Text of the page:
Monday, July 25, 2005

Recommended reading part 2

I don't believe that I've ever read The Economist before. Its title is enough to put me off completely! However, I couldn't ignore the "How to Save Myanmar" splashed across the cover of the July 23 edition, and I was having a reading material frenzy anyway.

Of course, the article didn't quite offer the solution it proclaimed. But it did have a good overview of the current situation in Burma - one which I'm starting to get the hang of, if that is at all possible. To quote, "It cheerfully exports drugs, refugees and disease to its neighbours and beyond." Since this edition, the situation has been complicated further by the sentencing of the deposed head-of-intelligence-forces Khin Nyunt to 44 years in house arrest for "corruption".

Prior to coming here, I knew of Aung San Suu Kyi (but not how to pronounce her name - go on, give it a go!) and had heard of SLORC, the military junta - now jauntily renamed the State Peace and Development Council. There's so many convolutions it makes South American politics look simple. So for anyone who might be trying to keep up (and I know that's perhaps two people reading this, but still), grab a copy of the magazine!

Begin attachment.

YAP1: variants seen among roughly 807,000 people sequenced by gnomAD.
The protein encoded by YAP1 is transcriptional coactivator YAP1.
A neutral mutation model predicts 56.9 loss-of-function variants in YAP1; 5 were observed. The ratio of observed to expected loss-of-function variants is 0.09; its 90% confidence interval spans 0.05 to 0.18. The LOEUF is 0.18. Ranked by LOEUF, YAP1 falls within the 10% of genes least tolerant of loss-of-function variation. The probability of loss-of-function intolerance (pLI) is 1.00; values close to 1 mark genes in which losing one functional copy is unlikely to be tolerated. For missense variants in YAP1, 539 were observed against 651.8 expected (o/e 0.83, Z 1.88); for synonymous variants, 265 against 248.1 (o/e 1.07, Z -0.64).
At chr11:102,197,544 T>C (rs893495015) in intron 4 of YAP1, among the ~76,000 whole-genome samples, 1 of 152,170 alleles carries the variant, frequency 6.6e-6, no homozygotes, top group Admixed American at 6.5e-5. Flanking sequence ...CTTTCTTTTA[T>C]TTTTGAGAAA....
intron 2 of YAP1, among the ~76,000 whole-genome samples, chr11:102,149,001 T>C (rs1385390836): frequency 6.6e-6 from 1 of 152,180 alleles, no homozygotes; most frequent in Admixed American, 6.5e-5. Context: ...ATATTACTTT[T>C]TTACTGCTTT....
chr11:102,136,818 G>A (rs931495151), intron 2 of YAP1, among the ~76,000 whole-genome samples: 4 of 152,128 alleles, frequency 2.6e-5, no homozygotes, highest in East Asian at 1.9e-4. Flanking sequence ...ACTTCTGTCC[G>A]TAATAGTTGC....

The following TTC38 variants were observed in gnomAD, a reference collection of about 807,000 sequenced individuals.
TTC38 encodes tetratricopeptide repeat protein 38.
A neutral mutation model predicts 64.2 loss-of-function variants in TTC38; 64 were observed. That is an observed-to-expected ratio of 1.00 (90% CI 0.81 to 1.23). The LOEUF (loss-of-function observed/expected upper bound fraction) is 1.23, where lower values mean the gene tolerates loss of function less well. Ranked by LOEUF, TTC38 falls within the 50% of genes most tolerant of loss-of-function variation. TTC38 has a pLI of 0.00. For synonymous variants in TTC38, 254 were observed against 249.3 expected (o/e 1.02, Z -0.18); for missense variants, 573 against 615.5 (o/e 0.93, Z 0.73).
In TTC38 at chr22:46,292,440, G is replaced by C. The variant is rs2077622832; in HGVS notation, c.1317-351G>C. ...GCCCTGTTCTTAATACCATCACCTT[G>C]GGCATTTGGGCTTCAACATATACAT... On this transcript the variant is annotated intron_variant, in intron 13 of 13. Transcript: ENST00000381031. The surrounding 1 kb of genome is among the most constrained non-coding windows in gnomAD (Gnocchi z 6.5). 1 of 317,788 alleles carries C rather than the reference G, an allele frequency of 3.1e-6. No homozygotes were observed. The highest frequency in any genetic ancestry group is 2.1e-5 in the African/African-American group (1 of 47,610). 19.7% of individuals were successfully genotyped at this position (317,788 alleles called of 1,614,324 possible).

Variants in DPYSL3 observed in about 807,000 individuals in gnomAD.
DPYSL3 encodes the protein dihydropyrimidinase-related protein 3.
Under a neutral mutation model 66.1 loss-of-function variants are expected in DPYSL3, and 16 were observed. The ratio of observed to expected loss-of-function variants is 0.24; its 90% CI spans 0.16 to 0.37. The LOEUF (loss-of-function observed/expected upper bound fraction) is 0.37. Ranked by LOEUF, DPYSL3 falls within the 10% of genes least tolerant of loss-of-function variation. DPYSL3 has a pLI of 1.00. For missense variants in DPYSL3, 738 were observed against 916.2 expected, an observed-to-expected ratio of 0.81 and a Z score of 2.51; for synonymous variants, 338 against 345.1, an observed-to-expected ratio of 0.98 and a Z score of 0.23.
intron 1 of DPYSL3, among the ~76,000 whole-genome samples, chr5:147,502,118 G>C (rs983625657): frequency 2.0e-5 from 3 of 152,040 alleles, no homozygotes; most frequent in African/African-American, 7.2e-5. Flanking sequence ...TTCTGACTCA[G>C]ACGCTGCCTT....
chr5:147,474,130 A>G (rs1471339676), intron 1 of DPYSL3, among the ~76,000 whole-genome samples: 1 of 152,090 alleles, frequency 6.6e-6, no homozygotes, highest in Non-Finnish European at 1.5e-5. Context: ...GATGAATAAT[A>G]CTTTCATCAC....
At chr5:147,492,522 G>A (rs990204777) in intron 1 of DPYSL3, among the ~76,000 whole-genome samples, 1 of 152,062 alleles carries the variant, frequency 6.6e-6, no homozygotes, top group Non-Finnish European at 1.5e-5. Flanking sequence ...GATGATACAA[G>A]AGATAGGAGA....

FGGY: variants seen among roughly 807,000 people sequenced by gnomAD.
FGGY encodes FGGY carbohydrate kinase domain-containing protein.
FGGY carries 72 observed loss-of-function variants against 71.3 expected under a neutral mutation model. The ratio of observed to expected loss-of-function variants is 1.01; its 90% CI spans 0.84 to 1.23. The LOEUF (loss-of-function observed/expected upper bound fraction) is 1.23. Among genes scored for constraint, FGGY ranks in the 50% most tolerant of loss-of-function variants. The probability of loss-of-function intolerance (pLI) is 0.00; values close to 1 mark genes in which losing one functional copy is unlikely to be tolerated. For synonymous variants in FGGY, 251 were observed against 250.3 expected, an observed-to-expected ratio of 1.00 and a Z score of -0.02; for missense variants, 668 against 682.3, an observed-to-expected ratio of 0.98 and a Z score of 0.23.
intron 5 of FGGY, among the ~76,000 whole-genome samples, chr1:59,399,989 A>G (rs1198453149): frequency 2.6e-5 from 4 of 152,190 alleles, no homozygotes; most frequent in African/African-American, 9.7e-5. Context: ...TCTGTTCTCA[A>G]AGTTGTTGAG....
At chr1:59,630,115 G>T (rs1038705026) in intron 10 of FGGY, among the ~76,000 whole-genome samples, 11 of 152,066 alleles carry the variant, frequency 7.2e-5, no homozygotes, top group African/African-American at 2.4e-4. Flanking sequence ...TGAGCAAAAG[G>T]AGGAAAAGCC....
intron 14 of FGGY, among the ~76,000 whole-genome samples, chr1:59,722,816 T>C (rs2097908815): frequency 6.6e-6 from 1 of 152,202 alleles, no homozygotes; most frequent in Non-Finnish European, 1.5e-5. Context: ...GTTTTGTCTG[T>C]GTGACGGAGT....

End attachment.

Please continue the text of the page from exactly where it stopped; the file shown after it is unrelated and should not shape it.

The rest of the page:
1 comment:

Rob M said...

The reality check with global journals like The Economist is to read coverage of your home country and see how well it squares with your own understanding of the story from the domestic media - and, sometimes things come out more than a little strange.

Recently, for instance, there was an article reporting on the gangland murders over the past few years in Melbourne, making the place out to be somewhere where drug wars ruled the streets; as somebody living close to where several of the murders were carried out, if I hadn't heard about it in the media I'd never had known there was anything going on.